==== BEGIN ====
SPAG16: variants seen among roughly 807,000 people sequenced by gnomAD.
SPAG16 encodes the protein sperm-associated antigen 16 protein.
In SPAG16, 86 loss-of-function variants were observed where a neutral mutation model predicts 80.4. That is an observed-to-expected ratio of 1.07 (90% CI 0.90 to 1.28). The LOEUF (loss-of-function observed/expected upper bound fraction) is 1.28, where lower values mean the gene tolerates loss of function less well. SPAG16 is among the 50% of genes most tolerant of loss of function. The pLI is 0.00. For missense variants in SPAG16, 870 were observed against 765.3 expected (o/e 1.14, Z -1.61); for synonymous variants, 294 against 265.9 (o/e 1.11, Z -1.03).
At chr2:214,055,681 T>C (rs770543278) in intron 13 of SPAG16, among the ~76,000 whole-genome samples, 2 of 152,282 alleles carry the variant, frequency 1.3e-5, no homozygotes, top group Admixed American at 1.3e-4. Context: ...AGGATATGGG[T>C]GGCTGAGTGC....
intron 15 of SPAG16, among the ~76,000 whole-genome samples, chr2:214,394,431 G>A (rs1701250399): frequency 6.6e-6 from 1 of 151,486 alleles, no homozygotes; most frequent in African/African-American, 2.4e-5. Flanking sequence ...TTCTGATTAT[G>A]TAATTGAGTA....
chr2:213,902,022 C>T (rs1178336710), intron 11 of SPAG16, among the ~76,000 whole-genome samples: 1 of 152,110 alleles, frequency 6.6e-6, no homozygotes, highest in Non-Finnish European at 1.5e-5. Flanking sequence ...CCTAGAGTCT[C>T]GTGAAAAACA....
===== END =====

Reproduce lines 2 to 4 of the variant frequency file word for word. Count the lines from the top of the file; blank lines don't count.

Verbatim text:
SPAG16 encodes the protein sperm-associated antigen 16 protein.
In SPAG16, 86 loss-of-function variants were observed where a neutral mutation model predicts 80.4. That is an observed-to-expected ratio of 1.07 (90% CI 0.90 to 1.28). The LOEUF (loss-of-function observed/expected upper bound fraction) is 1.28, where lower values mean the gene tolerates loss of function less well. SPAG16 is among the 50% of genes most tolerant of loss of function. The pLI is 0.00. For missense variants in SPAG16, 870 were observed against 765.3 expected (o/e 1.14, Z -1.61); for synonymous variants, 294 against 265.9 (o/e 1.11, Z -1.03).
At chr2:214,055,681 T>C (rs770543278) in intron 13 of SPAG16, among the ~76,000 whole-genome samples, 2 of 152,282 alleles carry the variant, frequency 1.3e-5, no homozygotes, top group Admixed American at 1.3e-4. Context: ...AGGATATGGG[T>C]GGCTGAGTGC....